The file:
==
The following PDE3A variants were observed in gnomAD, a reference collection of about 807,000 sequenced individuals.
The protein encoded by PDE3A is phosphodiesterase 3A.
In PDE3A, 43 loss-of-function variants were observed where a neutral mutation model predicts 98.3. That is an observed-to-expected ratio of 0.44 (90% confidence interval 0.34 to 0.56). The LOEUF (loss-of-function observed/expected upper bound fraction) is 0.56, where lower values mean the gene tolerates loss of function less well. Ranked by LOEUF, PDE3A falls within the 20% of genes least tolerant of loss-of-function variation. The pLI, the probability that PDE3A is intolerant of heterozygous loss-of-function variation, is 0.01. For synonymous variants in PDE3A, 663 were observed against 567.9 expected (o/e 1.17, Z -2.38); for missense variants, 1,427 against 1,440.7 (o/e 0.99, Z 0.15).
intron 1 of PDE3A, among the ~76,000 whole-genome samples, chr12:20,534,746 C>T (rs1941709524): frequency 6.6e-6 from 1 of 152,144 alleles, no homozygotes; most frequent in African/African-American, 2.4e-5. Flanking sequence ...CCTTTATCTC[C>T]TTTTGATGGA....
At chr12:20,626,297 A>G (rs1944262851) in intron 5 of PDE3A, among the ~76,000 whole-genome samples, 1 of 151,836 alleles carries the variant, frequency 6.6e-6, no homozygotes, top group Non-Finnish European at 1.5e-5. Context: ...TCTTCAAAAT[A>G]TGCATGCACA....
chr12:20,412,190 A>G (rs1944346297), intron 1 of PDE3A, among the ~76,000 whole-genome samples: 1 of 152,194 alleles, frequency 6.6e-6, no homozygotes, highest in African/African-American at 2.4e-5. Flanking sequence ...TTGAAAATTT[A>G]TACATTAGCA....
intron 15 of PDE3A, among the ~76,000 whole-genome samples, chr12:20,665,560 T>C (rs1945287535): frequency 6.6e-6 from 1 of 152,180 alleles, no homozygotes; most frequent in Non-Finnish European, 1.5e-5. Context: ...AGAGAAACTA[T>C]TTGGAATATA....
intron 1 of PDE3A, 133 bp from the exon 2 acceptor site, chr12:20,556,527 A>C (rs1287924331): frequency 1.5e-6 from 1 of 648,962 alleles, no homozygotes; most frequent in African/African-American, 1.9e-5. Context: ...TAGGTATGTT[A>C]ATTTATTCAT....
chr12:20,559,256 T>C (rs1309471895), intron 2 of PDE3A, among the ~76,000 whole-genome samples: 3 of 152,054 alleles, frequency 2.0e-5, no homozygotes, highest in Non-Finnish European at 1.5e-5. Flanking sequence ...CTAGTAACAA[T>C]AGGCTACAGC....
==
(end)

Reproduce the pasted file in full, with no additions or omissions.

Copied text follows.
The following PDE3A variants were observed in gnomAD, a reference collection of about 807,000 sequenced individuals.
The protein encoded by PDE3A is phosphodiesterase 3A.
In PDE3A, 43 loss-of-function variants were observed where a neutral mutation model predicts 98.3. That is an observed-to-expected ratio of 0.44 (90% confidence interval 0.34 to 0.56). The LOEUF (loss-of-function observed/expected upper bound fraction) is 0.56, where lower values mean the gene tolerates loss of function less well. Ranked by LOEUF, PDE3A falls within the 20% of genes least tolerant of loss-of-function variation. The pLI, the probability that PDE3A is intolerant of heterozygous loss-of-function variation, is 0.01. For synonymous variants in PDE3A, 663 were observed against 567.9 expected (o/e 1.17, Z -2.38); for missense variants, 1,427 against 1,440.7 (o/e 0.99, Z 0.15).
intron 1 of PDE3A, among the ~76,000 whole-genome samples, chr12:20,534,746 C>T (rs1941709524): frequency 6.6e-6 from 1 of 152,144 alleles, no homozygotes; most frequent in African/African-American, 2.4e-5. Flanking sequence ...CCTTTATCTC[C>T]TTTTGATGGA....
At chr12:20,626,297 A>G (rs1944262851) in intron 5 of PDE3A, among the ~76,000 whole-genome samples, 1 of 151,836 alleles carries the variant, frequency 6.6e-6, no homozygotes, top group Non-Finnish European at 1.5e-5. Context: ...TCTTCAAAAT[A>G]TGCATGCACA....
chr12:20,412,190 A>G (rs1944346297), intron 1 of PDE3A, among the ~76,000 whole-genome samples: 1 of 152,194 alleles, frequency 6.6e-6, no homozygotes, highest in African/African-American at 2.4e-5. Flanking sequence ...TTGAAAATTT[A>G]TACATTAGCA....
intron 15 of PDE3A, among the ~76,000 whole-genome samples, chr12:20,665,560 T>C (rs1945287535): frequency 6.6e-6 from 1 of 152,180 alleles, no homozygotes; most frequent in Non-Finnish European, 1.5e-5. Context: ...AGAGAAACTA[T>C]TTGGAATATA....
intron 1 of PDE3A, 133 bp from the exon 2 acceptor site, chr12:20,556,527 A>C (rs1287924331): frequency 1.5e-6 from 1 of 648,962 alleles, no homozygotes; most frequent in African/African-American, 1.9e-5. Context: ...TAGGTATGTT[A>C]ATTTATTCAT....
chr12:20,559,256 T>C (rs1309471895), intron 2 of PDE3A, among the ~76,000 whole-genome samples: 3 of 152,054 alleles, frequency 2.0e-5, no homozygotes, highest in Non-Finnish European at 1.5e-5. Flanking sequence ...CTAGTAACAA[T>C]AGGCTACAGC....